And then, from this week's status report:
Team has established that if I say "hrmmm." then that means I might disagree, or have reservations, or just not quite understand, but am not sufficiently inclined to pick a fight, or dig deeper. Haverje values feedback, though, so "hrmmm." is an invitation to coax an opinion from me.
I love to argue, but I don't want to waste everyone's working hours, you see.
I feel bad enough wasting my own.
From Squid's configuration file:
# If none of the "access" lines cause a match, the default is the # opposite of the last line in the list. If the last line was # deny, then the default is allow. Conversely, if the last line # is allow, the default will be deny. For these reasons, it is a # good idea to have an "deny all" or "allow all" entry at the end # of your access lists to avoid potential confusion.
So ... ?
There is a weird thrill to walk in to a Hardware Store, the pinnacle of our Capitalist, free-market system, and purchase perfectly legitimate goods and/or services for the purpose of engaging in miscreant activities. Especially when you receive an unanticipated 25% discount at the point-of-sale.
<dman> Funkadelphia. <dman> Fulminate Vericose Mutilations <dman> Orwellian Police State Dramaturgy <dman> Born Again Fundamentalist Hudlims <dman> Brown-Skinned Paperback Monkey Fist <dman> Your Mom Says Sex Peels Peas <dman> Osteopathic Mendicants Chant Sutras
I wrote this a while back, but it seems appropriate today:
There are those among us, who have spent a period of several months or years of their lives, in which every waking moment was concerned with survival, for themselves and for our nation. It is because of them that there is a flag to wave, and it is for them that you should display our flag with pride.
If you wish to fly the colors, please present them in the morning, and retire them at night, and in inclement weather. Just as you wouldn't wear tattered, wrinkled clothes in public, neither should our people display a tattered, wrinkled flag. When it is worn, please mend it, or dispose of it with dignity.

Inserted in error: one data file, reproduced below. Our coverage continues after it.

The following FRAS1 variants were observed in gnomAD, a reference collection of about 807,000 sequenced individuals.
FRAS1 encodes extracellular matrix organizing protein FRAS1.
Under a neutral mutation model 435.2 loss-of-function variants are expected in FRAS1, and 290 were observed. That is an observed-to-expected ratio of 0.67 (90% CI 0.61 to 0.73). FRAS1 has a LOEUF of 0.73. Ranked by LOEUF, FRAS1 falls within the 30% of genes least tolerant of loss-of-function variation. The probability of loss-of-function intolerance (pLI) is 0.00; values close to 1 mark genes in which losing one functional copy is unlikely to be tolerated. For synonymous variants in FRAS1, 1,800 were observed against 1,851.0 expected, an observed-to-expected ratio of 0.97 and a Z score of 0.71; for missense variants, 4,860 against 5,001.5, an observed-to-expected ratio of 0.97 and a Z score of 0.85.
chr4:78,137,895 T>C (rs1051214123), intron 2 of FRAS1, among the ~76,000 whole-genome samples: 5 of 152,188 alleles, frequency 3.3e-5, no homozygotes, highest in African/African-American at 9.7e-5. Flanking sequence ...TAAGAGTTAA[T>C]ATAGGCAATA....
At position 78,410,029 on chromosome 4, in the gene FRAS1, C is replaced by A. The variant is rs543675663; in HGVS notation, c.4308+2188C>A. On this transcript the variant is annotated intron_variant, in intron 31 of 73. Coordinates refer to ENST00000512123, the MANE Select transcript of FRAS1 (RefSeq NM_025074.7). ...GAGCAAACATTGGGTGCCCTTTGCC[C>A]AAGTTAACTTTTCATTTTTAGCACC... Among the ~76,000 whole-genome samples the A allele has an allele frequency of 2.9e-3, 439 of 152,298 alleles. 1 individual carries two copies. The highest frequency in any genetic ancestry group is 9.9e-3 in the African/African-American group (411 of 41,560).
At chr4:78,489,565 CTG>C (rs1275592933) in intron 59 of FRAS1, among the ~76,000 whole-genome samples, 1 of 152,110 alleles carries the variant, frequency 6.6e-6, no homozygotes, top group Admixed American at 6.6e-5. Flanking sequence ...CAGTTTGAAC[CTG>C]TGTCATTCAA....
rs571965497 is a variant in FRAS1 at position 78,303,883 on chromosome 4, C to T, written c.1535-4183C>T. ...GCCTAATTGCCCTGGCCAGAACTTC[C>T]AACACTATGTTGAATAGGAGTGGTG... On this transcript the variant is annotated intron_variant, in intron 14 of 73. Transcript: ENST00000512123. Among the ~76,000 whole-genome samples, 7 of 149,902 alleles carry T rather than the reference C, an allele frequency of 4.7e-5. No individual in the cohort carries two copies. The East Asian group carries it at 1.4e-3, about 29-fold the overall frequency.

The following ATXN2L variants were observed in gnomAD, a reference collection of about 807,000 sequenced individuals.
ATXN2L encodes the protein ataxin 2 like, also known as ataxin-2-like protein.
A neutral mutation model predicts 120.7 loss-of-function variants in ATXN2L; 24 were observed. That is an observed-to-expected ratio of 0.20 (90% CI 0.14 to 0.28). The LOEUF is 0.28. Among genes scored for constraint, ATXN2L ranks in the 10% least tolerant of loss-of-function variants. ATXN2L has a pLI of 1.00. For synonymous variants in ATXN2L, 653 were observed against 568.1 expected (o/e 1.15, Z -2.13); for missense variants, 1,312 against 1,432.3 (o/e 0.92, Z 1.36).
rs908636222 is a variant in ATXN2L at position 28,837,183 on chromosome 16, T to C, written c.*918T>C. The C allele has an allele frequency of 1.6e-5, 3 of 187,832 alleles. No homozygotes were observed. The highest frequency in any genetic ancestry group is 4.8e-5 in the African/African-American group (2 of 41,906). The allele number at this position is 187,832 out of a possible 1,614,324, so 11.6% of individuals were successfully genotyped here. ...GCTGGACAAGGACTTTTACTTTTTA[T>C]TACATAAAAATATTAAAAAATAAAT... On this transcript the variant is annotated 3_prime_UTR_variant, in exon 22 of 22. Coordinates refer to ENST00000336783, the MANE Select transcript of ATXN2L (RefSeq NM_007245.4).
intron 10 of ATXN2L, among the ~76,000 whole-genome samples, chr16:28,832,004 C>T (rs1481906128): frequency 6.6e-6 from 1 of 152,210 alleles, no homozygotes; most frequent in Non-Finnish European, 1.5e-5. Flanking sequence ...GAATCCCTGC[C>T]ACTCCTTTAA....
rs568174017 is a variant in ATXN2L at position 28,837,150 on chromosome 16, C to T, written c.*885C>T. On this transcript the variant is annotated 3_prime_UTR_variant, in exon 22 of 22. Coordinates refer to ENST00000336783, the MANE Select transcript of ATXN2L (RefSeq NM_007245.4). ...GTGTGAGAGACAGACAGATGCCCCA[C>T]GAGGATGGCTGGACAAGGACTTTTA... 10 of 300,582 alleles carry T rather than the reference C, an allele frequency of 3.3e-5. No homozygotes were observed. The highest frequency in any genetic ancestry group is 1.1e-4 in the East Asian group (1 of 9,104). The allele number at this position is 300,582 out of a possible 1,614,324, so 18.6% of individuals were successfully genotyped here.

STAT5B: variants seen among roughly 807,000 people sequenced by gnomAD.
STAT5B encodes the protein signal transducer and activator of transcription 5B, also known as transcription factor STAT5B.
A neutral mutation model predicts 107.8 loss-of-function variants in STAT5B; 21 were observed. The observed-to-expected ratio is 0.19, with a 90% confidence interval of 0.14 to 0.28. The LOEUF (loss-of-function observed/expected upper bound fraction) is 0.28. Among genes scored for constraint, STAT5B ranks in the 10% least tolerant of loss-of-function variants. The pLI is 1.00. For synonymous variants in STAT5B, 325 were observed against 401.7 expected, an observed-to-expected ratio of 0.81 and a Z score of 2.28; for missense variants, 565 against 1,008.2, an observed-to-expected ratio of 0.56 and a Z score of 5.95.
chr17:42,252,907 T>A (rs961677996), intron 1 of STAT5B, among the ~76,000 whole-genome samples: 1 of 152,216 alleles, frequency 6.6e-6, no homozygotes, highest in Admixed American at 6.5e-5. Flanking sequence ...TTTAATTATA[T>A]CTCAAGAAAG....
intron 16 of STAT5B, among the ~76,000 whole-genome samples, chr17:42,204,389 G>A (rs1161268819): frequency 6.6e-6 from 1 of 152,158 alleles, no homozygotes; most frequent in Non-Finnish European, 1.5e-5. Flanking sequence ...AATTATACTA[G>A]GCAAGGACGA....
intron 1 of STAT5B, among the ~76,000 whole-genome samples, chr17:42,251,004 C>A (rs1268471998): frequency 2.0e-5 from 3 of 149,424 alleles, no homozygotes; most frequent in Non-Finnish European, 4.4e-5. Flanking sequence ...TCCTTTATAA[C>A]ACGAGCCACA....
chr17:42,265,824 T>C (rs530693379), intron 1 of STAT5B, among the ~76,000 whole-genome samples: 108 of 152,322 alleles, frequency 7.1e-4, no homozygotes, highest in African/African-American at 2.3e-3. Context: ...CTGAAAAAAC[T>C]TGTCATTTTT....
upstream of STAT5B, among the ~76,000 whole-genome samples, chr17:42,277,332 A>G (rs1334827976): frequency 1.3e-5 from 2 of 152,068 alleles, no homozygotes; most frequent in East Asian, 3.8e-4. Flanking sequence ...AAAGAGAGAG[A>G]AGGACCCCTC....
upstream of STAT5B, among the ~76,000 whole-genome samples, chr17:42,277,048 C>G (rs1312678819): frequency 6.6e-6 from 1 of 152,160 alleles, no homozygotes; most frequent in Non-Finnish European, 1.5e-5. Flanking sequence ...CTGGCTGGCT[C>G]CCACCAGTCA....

Miho likes to tell me about Japanese holidays, so it is only fair that I should mention that today is Memorial Day. In America we're taking the day off to remember those who have died for our country.
Today I walked to the coffee shop, and there were many, beautiful flags out, along the way. People working on their gardens, or in their garages. The birds were singing, and I tuned in on them. I'd heard that in some places mocking birds were immitating cell phones and other man-made noises. I'd never quite caught that, but as I listened, I could suddenly catch the warning beep of a truck backing up. A few moments later I was in the middle of a riot of police cars and other sirens. I've never been a big bird fan, but they are not without their endearing qualities. It was a wonderful, free, concert, paid to an attentive listener on a quiet day.
On the way back, I walked past a Lincoln Navigator. Big, big, black SUV. Out of proportion. I have to wonder at someone who'd spend the money on such a huge chunk of metal. Then I walked past a Honda Accord, with it's plush interior and nice features. The practical luxury car of the middle class! Mountain View is full of newer cars, and exotic old ones. Cars tend to be foreign. The Accord is the next step up from a Honda Civic, the backbone of our local car culture. My car seems slightly out-of-place, because it is so "old" ... but then, it is a luxury car, not designed for mileage. And, I thought, it suits me really well, because most days, if I can avoid driving, then I don't drive. If I am going to ride around, it might as well be in a certain laid-back, stylish, inexpensive luxury.
The Insight was a lot of fun, I have to say, but it is for the sort of person who knows that they will drive a lot, and has to make up for it somehow. A public transportation / bike junky like me can take an opposite position. So, I guess, if you don't drive much, and have more money than sense, go ahead and buy yourself an SUV.
I suspect, though, that my thoughts are not widely held by other people. Story of my life. I'd also thought about my ambivalent feelings about moving to the city. On the one hand, I really prefer to live in a city. On the other hand, I'd be lengthening my commute a great deal, and insulating myself in a culture that I prefer, much as people move to the suburbs to insulate themselves from that same sort of culture. Diversity is a personal value, and I can either get along with the city types, or be exposed to the suburban lifestyle, which holds its own peculiar, exotic, qualities, for me. It is good to be capable of functioning in different ways, and Mountain View is not sufficiently alien to freak me out, or anything.
Though, there are more chicks in the city. And interesting bars, coffee shops, museums, buses, trains, hills, homeless ...
Just got home. Stopped by Lisa and Barry's to pay my respects to the new baby, and because Barry has some fancy frozen foodstuffs to give me, including a Lou Malnati's pizza, and ribs. We talked about mutual friends from Tellme. It was nice to catch up.